I'm in Wisconsin, and to me a tuna melt is also an open face sandwich (as above), but on English muffins, not bread.

Mopsy428

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Re: Different Meanings for Words
« Reply #857 on: February 29, 2012, 06:53:46 PM »
Time for another "what do you call this" quiz!

Through North America, I've found that the burgers from Maccas and Burger King etc are referred to by the staff as "sandwiches". In Aussie (and from what I've found, everyone not working there, they are burgers), so...

To me:
Maccas/Burger King/Hungry Jacks etc serve burgers (some sort of bread roll with a hot filling)
Sandwiches are two (or sometimes three) slices of bread with some sort of filling, either hot or cold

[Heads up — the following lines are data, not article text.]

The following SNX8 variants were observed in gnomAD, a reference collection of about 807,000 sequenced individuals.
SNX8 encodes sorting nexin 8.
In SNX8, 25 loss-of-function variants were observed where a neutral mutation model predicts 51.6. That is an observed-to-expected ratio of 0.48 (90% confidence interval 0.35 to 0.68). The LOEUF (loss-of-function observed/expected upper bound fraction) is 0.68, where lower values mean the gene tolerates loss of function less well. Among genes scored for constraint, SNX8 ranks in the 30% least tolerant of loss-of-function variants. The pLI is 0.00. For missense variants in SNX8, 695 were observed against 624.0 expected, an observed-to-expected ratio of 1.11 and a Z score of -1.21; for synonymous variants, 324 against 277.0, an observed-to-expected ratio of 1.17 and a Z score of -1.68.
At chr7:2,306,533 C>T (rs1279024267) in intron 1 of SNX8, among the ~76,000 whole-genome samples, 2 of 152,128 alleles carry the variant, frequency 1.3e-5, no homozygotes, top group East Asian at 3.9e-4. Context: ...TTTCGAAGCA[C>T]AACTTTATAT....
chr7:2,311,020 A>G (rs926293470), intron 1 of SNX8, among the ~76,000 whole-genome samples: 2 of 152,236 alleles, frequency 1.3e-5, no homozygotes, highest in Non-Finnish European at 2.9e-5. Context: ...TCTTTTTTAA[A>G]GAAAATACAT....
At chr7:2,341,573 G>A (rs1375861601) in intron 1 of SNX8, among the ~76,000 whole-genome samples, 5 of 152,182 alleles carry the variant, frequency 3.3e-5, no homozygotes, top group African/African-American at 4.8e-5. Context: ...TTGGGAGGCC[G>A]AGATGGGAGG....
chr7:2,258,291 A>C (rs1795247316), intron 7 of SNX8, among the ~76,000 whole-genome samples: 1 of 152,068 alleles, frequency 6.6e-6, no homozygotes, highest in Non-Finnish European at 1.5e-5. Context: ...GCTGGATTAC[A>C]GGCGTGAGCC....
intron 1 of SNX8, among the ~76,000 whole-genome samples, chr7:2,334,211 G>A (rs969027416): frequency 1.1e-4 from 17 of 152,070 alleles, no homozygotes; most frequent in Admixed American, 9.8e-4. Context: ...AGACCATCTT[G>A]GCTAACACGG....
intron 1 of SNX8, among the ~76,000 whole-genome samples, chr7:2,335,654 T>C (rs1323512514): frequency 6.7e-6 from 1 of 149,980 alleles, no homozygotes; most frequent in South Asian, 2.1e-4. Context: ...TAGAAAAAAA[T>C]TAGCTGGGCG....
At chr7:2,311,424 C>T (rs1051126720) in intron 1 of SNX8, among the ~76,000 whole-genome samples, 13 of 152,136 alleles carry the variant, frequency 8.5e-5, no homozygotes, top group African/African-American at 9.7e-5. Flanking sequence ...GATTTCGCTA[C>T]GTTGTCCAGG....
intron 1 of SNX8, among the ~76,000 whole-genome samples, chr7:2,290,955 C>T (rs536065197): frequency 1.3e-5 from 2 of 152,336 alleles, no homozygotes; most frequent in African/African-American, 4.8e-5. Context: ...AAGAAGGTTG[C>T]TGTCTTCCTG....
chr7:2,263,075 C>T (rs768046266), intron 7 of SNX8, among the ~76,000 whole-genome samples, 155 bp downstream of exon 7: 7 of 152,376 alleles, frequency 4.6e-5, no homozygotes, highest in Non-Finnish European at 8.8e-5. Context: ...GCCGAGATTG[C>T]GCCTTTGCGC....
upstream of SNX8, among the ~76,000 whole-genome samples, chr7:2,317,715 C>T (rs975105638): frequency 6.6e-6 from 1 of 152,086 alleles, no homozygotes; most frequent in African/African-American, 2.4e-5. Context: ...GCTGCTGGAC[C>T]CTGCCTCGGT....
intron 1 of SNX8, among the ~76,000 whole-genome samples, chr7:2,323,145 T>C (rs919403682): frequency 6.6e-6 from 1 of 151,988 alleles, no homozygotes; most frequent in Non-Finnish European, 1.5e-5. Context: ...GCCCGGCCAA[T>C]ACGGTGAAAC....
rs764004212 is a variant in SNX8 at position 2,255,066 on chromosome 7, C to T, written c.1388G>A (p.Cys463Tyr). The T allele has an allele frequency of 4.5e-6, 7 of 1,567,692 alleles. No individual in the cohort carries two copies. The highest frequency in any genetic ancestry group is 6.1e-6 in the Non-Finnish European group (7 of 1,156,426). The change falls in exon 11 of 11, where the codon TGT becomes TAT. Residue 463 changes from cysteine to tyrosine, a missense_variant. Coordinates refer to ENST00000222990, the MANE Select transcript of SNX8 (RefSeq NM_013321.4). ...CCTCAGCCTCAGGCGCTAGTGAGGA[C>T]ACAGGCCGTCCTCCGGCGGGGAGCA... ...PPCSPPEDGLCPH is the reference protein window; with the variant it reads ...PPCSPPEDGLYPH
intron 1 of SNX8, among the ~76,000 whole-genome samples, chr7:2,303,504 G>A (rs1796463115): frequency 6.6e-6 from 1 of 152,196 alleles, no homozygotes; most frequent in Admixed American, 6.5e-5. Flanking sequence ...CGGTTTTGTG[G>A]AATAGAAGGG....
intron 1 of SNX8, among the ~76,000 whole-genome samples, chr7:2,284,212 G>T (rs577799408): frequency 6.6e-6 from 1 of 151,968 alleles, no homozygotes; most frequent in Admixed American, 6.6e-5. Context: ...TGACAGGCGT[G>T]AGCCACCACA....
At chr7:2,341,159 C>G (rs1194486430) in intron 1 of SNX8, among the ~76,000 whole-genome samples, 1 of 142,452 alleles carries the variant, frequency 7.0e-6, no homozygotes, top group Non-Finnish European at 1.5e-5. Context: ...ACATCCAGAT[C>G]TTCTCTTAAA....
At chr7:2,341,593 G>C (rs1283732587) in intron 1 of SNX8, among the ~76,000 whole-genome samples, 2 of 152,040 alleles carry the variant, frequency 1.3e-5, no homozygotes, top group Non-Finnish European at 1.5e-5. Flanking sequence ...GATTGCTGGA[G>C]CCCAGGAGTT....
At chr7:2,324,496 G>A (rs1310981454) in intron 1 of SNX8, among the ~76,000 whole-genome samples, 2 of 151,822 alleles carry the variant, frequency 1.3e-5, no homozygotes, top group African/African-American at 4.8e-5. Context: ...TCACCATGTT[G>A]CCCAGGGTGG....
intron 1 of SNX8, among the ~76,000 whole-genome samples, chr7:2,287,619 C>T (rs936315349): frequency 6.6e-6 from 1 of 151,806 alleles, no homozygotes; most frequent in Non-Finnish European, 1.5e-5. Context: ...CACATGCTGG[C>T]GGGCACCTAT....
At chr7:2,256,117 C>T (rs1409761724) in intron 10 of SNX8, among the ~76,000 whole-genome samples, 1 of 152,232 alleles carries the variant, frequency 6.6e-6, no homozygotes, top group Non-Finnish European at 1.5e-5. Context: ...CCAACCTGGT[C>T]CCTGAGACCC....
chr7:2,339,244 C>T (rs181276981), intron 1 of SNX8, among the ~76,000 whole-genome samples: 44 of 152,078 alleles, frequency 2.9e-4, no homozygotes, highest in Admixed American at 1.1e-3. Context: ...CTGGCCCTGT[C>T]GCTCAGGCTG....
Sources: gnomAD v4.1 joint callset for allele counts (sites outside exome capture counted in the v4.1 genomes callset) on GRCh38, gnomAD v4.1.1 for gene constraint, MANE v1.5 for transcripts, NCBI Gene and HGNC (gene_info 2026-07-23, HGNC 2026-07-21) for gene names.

Rolls are similar to burgers (ie a roll, not bread), except their fillings are usually cold - eg cold BBQ chicken or ham etc as apposed to a hot chicken fillet or a meat patty.

So, how do you define a burger, a sandwich and a roll?

A roll is a roundish, single serving of bread that I might have with dinner.

A sandwich is comprised of two pieces of bread with some sort of filling between them.

A burger is a subset of sandwich.  It usually has a beef patty, onion, tomato, lettuce, and pickle slices as the filling, but the beef patty may be replaced with something else.

And to make it even more confusing....

A 'patty' melt is normally a ground beef patty with melted cheese and fried onions on sandwich bread.

A 'tuna melt' is a grilled tuna sandwich with cheese   ;)

That depends on where you are in the US. Around here (New England), the tuna melts I get in restaurants are open-faced tuna sandwiches with melted cheese on top, served warm. It is only by reading EHell that I have learned that in other parts of the US, the tuna melt has two pieces of bread.